# How to solve Advent of Code 2022 – Day 5 with Python

If you missed any previous days, click here for all my content about that: Advent of Code, if you want to know why you should participate and try to code the solution for yourself, click here: Advent Of Code 2022 – 7 Reasons why you should participate. If you’re here to see the solution of Day 5, continue reading 😉

## GitHub Repository

I will upload all of my solutions there – in the form of Python (or Scala alternatives) notebooks. You have to use your own input for the “input.txt” since everyone gets their own and everyone needs to provide a different solution based on their input.

## Day 5 Puzzle

On day 5 of Advent of Code, we had to move crates around. A major challenge in this was parsing the input and I would be lying if I said I was happy with my parsing. Tried multiple things and ultimately settled on the following:

### Parse Input

with open('example.txt', 'r') as f:
lines = [entry for entry in lines]

I first take the first line and divide its length by 4 to get the number of crates we’re dealing with. We’ll see later what we do with this information.

number_of_crates = len(lines[0])//4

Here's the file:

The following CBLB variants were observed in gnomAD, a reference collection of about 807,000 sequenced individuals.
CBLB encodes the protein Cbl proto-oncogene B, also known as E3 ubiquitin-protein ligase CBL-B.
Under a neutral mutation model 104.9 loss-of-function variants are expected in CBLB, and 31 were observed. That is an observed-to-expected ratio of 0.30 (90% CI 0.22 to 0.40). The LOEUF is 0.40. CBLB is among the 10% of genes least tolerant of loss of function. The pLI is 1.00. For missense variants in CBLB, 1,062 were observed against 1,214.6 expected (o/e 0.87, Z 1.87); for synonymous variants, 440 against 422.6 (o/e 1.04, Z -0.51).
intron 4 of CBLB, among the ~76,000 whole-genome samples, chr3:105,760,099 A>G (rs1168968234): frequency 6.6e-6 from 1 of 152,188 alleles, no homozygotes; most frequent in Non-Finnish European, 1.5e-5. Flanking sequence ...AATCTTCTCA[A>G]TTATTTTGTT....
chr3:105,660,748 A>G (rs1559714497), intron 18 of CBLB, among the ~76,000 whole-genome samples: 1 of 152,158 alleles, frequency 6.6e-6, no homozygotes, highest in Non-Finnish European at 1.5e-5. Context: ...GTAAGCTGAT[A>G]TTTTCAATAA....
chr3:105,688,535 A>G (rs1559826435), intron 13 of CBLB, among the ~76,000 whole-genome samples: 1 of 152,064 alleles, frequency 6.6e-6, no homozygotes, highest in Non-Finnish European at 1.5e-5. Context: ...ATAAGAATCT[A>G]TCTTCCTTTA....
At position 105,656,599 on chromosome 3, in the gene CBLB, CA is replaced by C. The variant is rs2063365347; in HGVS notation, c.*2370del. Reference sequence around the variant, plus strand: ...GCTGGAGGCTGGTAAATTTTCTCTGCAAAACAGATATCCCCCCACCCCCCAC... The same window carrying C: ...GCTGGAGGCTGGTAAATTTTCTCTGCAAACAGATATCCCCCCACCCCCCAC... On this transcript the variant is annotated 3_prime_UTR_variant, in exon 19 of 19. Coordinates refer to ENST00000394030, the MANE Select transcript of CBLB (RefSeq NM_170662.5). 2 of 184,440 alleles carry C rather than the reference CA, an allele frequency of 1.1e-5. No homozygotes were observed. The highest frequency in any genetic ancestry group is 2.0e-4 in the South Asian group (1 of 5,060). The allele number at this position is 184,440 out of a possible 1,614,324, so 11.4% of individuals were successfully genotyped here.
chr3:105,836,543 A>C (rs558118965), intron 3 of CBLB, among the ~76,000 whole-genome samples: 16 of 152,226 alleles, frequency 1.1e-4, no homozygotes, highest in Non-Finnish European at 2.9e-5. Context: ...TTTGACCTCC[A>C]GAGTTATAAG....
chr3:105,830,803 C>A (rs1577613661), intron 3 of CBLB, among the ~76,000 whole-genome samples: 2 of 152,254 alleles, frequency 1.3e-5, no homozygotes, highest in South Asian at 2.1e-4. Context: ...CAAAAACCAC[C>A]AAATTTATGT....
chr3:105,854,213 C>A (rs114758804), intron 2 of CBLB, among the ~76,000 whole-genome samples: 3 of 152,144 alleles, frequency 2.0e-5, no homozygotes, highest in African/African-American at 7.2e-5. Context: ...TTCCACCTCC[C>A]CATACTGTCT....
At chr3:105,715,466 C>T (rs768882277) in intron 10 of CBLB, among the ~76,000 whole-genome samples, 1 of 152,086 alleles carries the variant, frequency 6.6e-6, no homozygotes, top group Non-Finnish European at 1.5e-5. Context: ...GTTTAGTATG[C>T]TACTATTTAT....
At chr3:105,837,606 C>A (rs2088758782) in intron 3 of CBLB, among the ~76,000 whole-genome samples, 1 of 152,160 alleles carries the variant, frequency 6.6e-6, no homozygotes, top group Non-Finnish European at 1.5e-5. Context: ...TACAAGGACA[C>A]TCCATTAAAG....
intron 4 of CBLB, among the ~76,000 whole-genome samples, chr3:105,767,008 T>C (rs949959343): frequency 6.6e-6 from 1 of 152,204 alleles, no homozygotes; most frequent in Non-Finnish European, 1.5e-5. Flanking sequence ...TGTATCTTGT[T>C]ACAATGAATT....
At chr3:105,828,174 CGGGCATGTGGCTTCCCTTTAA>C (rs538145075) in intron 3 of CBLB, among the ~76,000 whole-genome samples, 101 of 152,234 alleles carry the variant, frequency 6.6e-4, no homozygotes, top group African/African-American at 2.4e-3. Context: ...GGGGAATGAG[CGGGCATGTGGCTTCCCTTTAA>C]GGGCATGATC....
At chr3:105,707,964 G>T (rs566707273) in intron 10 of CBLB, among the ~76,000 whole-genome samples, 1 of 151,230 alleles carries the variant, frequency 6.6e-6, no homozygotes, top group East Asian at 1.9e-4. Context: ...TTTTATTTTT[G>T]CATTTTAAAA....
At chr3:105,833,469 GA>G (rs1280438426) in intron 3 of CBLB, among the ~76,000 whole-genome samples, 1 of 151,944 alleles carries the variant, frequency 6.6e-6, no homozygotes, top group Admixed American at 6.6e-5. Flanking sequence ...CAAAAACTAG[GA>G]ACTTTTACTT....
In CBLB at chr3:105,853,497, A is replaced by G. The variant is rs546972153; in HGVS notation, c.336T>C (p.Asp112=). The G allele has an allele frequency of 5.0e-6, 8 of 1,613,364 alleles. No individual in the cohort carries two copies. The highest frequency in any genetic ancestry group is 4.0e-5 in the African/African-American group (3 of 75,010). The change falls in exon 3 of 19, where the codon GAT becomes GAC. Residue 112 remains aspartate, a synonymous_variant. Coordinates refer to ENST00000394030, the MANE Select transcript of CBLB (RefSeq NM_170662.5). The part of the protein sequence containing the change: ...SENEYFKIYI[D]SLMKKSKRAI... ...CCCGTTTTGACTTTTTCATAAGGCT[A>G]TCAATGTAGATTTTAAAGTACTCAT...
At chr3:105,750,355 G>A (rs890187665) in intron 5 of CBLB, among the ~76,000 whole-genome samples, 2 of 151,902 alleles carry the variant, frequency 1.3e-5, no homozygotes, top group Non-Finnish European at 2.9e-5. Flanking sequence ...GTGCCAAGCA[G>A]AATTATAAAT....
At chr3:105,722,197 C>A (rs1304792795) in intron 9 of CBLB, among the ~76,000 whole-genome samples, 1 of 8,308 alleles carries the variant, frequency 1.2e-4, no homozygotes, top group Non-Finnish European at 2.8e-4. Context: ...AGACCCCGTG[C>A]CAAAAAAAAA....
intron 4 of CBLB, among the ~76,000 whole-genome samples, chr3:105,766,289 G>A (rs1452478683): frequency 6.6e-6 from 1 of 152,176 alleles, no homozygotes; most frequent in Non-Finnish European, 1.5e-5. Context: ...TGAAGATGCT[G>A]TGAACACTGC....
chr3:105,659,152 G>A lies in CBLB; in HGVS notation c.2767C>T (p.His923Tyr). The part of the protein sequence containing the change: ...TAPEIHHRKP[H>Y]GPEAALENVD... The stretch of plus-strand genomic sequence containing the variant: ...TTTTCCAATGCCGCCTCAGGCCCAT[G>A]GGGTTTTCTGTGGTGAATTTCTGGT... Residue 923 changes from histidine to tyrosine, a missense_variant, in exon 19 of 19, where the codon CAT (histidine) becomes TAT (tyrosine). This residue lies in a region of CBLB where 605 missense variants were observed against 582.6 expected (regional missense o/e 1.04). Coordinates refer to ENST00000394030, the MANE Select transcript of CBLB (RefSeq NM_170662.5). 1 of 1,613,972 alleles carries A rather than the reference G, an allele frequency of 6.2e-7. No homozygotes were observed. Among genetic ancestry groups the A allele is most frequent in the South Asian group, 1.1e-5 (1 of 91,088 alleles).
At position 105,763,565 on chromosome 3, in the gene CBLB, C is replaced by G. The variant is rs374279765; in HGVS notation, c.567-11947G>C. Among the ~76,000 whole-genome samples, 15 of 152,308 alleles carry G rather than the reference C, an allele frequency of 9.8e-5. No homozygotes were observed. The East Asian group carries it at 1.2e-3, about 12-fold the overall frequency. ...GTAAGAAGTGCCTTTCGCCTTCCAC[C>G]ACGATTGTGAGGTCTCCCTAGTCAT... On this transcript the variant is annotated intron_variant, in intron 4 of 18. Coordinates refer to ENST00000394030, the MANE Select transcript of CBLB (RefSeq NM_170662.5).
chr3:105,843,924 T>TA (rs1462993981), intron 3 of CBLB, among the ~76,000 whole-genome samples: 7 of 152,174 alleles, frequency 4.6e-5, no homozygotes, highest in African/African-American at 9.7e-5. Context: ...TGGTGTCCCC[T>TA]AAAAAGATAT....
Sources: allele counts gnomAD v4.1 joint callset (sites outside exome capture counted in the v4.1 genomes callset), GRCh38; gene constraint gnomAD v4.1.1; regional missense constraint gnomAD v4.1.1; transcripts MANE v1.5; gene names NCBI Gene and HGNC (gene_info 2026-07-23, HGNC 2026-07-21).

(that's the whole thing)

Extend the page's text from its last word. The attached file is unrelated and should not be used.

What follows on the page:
Then I divide the lines into two groups:

1. lines before the empty line (‘\n’) and the ‘ 1 2 3 \n’-line before that
2. lines after the empty line

The first group gives us the start configuration of the crates (called crate_lines), and the second group gives us the moving_lines, used to change the crate stacks.

crate_lines = lines[:lines.index('\n')-1]
moving_lines = lines[lines.index('\n')+1:]

Within the crate stacks we get the relevant entries by selecting the right positions in the string, the first is at index 1, the next is always 4 places further along. With list slicing that looks like this:

items = list(line)[1:-1:4]

For the moving lines, I first strip away the new line character and then split on whitespace to separate the words. Then I each “word” to see if it’s a number and select those. I know that there are always 3 numbers so I can directly assign them to their variables:

amount, source, target = [int(entry) for entry in line.strip().split(' ') if entry.isdigit()]

### Part 1 & 2 in one

Because the parts only differ in whether you move multiple crates at once of not, I’ll show you the code in one go. They way I set it up in Part 1, I only had to reverse one list to make it work for Part 2.

#### The crates stacks

I considered multiple options here, but in the end crate stacks are an entity with clear actions upon them, so let’s just model them as a class:

class CrateStack:
def __init__(self) -> None:
self.content = []

self.content.append(item)

def take_x_crates(self, x, move_multiple):
return_crates = self.content[-x:]
self.content = self.content[:-x]
if move_multiple:
return return_crates
else:
return reversed(return_crates)

self.content += new_crates

def get_top_content(self):
return self.content[-1] if len(self.content) > 0 else ""

In essence, this is just a list, but with all the operations we need to do on the list packed away neatly behind descriptive method names. We can

• add one item on top (at the end) of the list during setup
• take x crates from the top (either one by one by reversing the end of the list if move_multiple=False in Part 1, or all at once)